What does it mean to "grow up"?

Dear Alice,

How does one grow up? And how can someone perceive this in themselves? I'm terrified of being a Peter/Princess Pan.

Dear Reader,

While you seem concerned about an extended stay in Neverland, it might reassure you to know that your question conveys a level of self-reflection — a noted marker of maturity or “growing up.” Growing up, like a lot of other aspects of evolving identity, can be thought of as a spectrum. The feeling of moving from childhood into adulthood can take many forms and can even change for an individual throughout their lifespan. To that end, both physiological changes in the body and attributes acquired over time likely contribute to the feeling and experience of “growing up.” And while various cultures may define adulthood differently, in the US, many professionals (mental health professionals, educators, even lawmakers who deal with the action and culpability of an individual), tend to describe maturity as a range of behaviors and abilities that demonstrate emotion and intellectual capacity. These characteristics can include ability to learn from mistakes, take accountability for actions, and appreciate the reality of the present while also planning for the future.

To start, you may consider one of the more concrete elements of maturity as defined by Western medicine — the evolving brain. As people age, their bodies go through certain physiological changes that can be thought of as signs of growing up, one of these changes being brain development. As the frontal lobe, particularly the prefrontal cortex, continues to mature and grow, the ability to control impulses, assess risk versus reward, plan, and make decisions begins to improve as well. However, this brain development is just one component of how people “grow up”. While the brain stops growing in the early- to mid-twenties, emotional and psychological development continues throughout a person’s life. The ability to balance responsibility with fun, immediate desires with long-term needs, and other seemingly conflicting priorities is a trait that may only begin to be appreciated and fully understood with age and as independence and life experiences broaden.

Furthermore, you may be familiar with the phrase “grow up”, typically used in conversation to imply a person should be more mature in one way or another. But what exactly makes a person seem mature? One way to qualify maturity is to consider what unique qualities a "mature person" might embody. Some of these characteristics may include:

  • Humility: Being able to put yourself "in someone else's shoes" and understand their perspective on certain topics or issues is often times associated with maturity.
  • Gratitude: Being able to appreciate the little and grand “gifts” of life, whether they are material or not.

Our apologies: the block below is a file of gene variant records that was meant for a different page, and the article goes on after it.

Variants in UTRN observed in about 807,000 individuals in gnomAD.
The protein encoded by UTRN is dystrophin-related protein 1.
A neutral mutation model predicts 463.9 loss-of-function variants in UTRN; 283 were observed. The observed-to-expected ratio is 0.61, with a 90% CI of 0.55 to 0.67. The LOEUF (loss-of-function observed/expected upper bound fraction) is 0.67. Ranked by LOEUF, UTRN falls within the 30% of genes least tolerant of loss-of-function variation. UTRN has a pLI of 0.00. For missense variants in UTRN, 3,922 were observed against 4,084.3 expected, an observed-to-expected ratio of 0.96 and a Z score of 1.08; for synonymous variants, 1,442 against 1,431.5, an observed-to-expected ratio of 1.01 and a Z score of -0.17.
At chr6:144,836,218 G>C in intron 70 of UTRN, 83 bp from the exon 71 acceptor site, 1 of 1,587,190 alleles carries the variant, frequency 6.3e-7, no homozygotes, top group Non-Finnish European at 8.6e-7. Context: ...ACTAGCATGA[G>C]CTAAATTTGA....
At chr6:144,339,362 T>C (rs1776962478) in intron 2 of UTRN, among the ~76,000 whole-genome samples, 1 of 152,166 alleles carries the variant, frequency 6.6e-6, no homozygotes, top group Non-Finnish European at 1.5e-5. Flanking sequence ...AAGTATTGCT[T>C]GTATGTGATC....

• Emotional control: Having the ability to not be overwhelmed by certain feelings, like anger, and allow those feelings to control you.
  • Self-confidence: Being optimistic about one's ability to perform and overcome obstacles while, at the same time, not being egotistical and self-absorbed.
  • Self-acceptance: Having an appreciation for their own flaws and strengths, while also having the ability to change and grow.
  • Responsibility: Being accountable and actively engaged in the work necessary to support and sustain themselves, as well as their community and surrounding environment.
  • Authenticity: Living in accordance with a certain set sincere beliefs and values that have been gained through lived experience, while also presenting themselves honestly and with genuine intentions.
  • Consideration: Having an understanding of each person’s impact on the larger community, while performing actions that reflect thoughtfulness of that understanding.

If your fear of being a Princess/Peter Pan is rooted in worrying about never “growing up”, try not to be too hard on yourself. Having an appreciation of the joys and simple pleasures in life — things we readily delighted in as children, but sometimes take for granted as adults — is viewed by many as equally as important as managing responsibility and obligations of adulthood.

All in all, perhaps the key to “growing up” and developing maturity is finding a definition that is based on characteristics you admire. And no matter your age, hopefully you strive for a balance of living and self-reflection that allows for enjoyment and appreciation of life’s many experiences, whether they be in the past, present, or future.

To growing up!

Last updated Apr 22, 2022
Originally published Jul 11, 2014

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